Cote leaves MSP feeling a sense of satisfaction
AUGUSTA, Maine — Col. John Cote has only one regret after spending 33 years in law enforcement, but it is an issue his successor will likely deal with for many years to come.
The Maine State Police, like most law enforcement agencies across the country, has struggled to fill positions and retain the officers they already have in recent years. It is a nagging sense of unfinished business that will likely bother Cote for years to come.
“I wish that as I left, the state police was fully staffed,” Cote said on Tuesday, Sept. 28. “We have approximately 50 sworn vacancies currently. The challenge of recruitment and retention remains a top concern at all levels of law enforcement. State, county, local and federal agencies are all lacking staffing and struggling to find qualified candidates.”
A native of Houlton, Cote announced his retirement recently after 33 years of service with the Maine State Police. His final day was Sept. 30. Cote accepted a position with Bison Transportation USA as its Eastern Region Director of Safety with Hartt Transportation Systems.
Cote joined the state police in 1989, spending much of his career investigating homicides, suspicious deaths and was a member of the tactical dive team doing underwater recovery. He later served as the commanding officer for Troop F in Houlton. Prior to joining the state police, Cote was an Aroostook County sheriff’s deputy.
Col. Cote and his command staff team have led the MSP through some of the agency’s most high profile incidents and during trying times for the law enforcement profession. At the forefront of that effort was dealing with changing attitudes by the public toward police officers.
“While the narrative has started to lose some traction, for the last couple years an ‘anti-police’ or ‘defund the police’ movement has negatively impacted our profession,” he said. “I am confident that as citizens interact with our officers in Maine, they will see our folks are compassionate and capable. Slowly, one contact at a time, officers will change that narrative through their professionalism and commitment to service.”
Cote added that Maine officers have begun to encounter more serious violent offenders, especially those involved in the trafficking of illicit drugs, which may lead some officers to be more guarded during an initial contact with someone.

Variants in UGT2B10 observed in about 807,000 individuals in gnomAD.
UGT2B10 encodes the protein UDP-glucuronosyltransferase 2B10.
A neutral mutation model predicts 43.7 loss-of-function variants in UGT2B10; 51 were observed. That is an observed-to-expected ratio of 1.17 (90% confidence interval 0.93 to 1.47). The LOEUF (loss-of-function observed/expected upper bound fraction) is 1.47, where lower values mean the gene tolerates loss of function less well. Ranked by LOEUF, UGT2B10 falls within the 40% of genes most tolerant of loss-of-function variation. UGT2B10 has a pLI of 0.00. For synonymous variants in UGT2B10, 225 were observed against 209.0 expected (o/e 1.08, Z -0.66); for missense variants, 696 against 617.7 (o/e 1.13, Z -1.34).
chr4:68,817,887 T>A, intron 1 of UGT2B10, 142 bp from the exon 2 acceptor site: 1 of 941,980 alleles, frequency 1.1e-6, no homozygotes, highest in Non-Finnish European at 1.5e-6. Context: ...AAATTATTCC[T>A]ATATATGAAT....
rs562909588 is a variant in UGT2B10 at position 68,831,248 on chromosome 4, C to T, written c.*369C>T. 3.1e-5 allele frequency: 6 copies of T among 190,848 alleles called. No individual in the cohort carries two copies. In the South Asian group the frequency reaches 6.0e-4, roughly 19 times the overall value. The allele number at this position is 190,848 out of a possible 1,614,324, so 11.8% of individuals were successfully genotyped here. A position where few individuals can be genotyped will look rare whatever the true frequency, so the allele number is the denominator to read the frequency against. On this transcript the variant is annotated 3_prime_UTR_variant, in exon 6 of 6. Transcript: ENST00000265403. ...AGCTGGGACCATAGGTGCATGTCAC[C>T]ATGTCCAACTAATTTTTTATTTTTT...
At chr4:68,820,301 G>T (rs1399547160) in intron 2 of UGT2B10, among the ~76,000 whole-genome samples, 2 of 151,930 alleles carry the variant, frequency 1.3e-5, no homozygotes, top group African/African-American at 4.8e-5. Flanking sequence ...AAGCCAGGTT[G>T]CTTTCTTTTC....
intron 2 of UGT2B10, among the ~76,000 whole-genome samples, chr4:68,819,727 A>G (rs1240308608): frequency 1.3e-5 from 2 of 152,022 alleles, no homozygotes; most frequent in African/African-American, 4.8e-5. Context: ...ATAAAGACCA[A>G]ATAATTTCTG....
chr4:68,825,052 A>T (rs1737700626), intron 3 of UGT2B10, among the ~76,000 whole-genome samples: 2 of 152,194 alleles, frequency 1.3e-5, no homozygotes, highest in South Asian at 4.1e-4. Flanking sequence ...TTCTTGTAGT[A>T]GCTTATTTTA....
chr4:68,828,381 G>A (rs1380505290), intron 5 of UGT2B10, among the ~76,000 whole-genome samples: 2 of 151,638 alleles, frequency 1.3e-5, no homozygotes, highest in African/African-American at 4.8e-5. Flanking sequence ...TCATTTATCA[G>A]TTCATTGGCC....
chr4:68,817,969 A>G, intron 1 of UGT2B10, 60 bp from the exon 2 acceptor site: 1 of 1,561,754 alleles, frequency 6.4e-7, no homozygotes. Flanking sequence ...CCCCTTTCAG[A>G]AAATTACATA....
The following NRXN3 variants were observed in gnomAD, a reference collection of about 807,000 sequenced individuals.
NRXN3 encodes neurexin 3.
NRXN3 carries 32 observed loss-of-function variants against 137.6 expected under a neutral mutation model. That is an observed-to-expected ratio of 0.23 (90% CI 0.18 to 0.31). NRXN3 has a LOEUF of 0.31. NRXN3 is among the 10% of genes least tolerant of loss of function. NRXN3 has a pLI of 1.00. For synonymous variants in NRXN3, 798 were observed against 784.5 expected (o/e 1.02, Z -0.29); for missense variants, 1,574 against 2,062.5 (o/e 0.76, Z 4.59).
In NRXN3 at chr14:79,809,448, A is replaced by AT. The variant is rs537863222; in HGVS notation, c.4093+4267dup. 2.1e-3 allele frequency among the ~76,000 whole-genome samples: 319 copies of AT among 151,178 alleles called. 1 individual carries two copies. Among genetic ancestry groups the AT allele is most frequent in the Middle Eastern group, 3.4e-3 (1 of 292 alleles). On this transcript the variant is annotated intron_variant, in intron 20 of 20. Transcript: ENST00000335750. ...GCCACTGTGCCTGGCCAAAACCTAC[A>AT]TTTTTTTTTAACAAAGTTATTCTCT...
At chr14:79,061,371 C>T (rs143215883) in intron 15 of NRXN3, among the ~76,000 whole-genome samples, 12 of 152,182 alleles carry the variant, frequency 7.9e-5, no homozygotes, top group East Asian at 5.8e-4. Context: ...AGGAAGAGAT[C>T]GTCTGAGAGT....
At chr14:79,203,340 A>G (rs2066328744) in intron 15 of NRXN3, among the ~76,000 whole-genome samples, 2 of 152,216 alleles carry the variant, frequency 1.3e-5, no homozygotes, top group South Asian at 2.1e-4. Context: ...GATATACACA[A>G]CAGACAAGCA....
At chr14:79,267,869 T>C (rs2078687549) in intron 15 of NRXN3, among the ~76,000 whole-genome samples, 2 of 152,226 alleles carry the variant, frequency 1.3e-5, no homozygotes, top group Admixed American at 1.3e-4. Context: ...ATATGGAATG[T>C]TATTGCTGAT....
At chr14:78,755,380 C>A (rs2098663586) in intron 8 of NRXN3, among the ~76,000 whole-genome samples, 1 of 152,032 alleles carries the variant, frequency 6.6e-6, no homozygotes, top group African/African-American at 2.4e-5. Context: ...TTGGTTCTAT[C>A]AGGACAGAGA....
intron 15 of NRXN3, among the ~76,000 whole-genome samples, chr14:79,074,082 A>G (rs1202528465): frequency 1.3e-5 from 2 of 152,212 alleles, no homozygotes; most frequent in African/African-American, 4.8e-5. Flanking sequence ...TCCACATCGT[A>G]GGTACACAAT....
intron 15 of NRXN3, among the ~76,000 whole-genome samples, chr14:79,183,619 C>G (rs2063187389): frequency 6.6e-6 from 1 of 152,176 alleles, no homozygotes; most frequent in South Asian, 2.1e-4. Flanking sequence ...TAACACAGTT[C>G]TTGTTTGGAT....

“Officers must assess the situation and threat level before letting their guard down,” he said. “I hope the public can understand why some officers may not be as light and friendly on first approach as they may have been in the past.”
Working with the state police Major Crimes Unit remains his greatest accomplishment, at least in his own eyes.
“During my 17-plus years in the Major Crimes Unit I was able to have a part in dozens of homicide cases where we were able to bring the case to a successful conviction,” he said. “Being part of the investigative teams that brought some comfort and closure to the families and providing justice for the victims is something I will always take pride in.”
Houlton Police Chief Tim DeLuca said he has followed Cote’s career with great interest over the years.
“I first met John many years ago as I traveled to Aroostook County for police K-9 training,” DeLuca said. “Being a native of Houlton, he patrolled the area. We were both beginning our careers and developed a friendship. Over the years, we were able to reach out and communicate whenever the moment arose.”
DeLuca added Cote’s most impressive quality was his approachability and the way he often led by example.
“Over his tenure on the State Police, John has always been approachable and a leader committed to building relationships with other agencies in collaboration/partnership working towards the same objective,” he said. “The Maine State Police is always a willing partner and provides resources and assistance when the Houlton Police Department and other agencies are limited.”
Presque Isle Police Chief Laurie Kelly added that Cote’s leadership skills were second to none.
“I have known Lt. Cote since he became a road trooper and have followed his career throughout his journey in the Maine State Police,” Presque Isle Police Chief Laurie Kelly said. “Lt. Cote has always worked diligently for the citizens of the state of Maine and has done so with the utmost integrity, devotion, leadership, and community spirit that makes Maine great. (He) will surely be missed but I hope he, with his family, enjoys a well-deserved retirement, continued health and happiness.”
Cote had originally planned to finish out the year with the Maine State Police, but when an offer presented itself, he knew the time was now.
“I had approached this year with a mindset that I would likely retire in December,” Cote said. “The opening with Hartt Transportation presented an opportunity to join a company with a well-established reputation for excellence and a commitment to safety. The Hartt team has some amazing people who are intelligent, take pride in their work and are true professionals. I am fortunate to have the chance to join that team.”
As the company’s new director of safety, Cote said he will be working to ensure there is a balance of safety and efficiency and compliance with Federal Motor Carrier regulations across Hartt’s operations for the East Region which spans from Maine to South Carolina.
“I have worked with some amazing people,” Cote added. “People dedicated to serving others, willing to put their safety and their very lives on the line for a complete stranger if needed. I will miss the people with amazing character, heart and integrity that make up the law enforcement profession in Maine.”
BDN reporter Chris Burns contributed to this report.